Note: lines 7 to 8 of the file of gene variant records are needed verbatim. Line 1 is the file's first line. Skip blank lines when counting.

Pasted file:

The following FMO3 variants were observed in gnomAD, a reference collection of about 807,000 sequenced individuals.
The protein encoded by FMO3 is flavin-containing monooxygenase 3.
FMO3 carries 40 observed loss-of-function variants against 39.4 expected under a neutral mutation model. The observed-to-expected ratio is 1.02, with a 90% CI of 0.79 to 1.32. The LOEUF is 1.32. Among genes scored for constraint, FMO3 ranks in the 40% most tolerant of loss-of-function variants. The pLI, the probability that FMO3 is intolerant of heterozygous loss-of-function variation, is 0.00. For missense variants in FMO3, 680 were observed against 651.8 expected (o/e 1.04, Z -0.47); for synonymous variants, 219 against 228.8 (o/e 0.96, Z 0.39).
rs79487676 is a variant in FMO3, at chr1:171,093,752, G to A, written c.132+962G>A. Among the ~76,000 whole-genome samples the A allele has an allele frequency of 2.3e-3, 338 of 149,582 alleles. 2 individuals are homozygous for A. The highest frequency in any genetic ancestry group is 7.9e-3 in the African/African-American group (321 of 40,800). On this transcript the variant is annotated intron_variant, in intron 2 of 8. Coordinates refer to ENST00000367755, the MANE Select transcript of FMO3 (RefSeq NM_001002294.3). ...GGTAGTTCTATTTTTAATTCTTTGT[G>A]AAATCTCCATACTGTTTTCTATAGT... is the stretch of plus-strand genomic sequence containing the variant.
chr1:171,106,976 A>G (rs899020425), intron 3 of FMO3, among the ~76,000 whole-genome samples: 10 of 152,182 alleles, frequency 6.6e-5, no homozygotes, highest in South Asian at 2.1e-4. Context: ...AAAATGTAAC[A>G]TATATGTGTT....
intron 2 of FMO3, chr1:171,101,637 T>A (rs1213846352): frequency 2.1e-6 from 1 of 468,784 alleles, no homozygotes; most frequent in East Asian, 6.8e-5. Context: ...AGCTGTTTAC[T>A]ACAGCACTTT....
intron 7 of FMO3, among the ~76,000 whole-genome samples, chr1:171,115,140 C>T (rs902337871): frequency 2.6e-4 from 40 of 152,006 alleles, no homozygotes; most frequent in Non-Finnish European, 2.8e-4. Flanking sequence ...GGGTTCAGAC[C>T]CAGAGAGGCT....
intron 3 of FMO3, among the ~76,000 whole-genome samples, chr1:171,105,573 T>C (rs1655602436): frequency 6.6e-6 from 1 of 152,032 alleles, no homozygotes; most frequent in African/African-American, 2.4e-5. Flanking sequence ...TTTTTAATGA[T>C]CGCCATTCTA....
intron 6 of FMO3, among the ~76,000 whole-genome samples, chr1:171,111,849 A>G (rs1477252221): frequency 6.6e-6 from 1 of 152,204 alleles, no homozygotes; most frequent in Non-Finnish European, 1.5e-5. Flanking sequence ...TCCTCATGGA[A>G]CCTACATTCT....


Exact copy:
intron 7 of FMO3, among the ~76,000 whole-genome samples, chr1:171,115,140 C>T (rs902337871): frequency 2.6e-4 from 40 of 152,006 alleles, no homozygotes; most frequent in Non-Finnish European, 2.8e-4. Flanking sequence ...GGGTTCAGAC[C>T]CAGAGAGGCT....
intron 3 of FMO3, among the ~76,000 whole-genome samples, chr1:171,105,573 T>C (rs1655602436): frequency 6.6e-6 from 1 of 152,032 alleles, no homozygotes; most frequent in African/African-American, 2.4e-5. Flanking sequence ...TTTTTAATGA[T>C]CGCCATTCTA....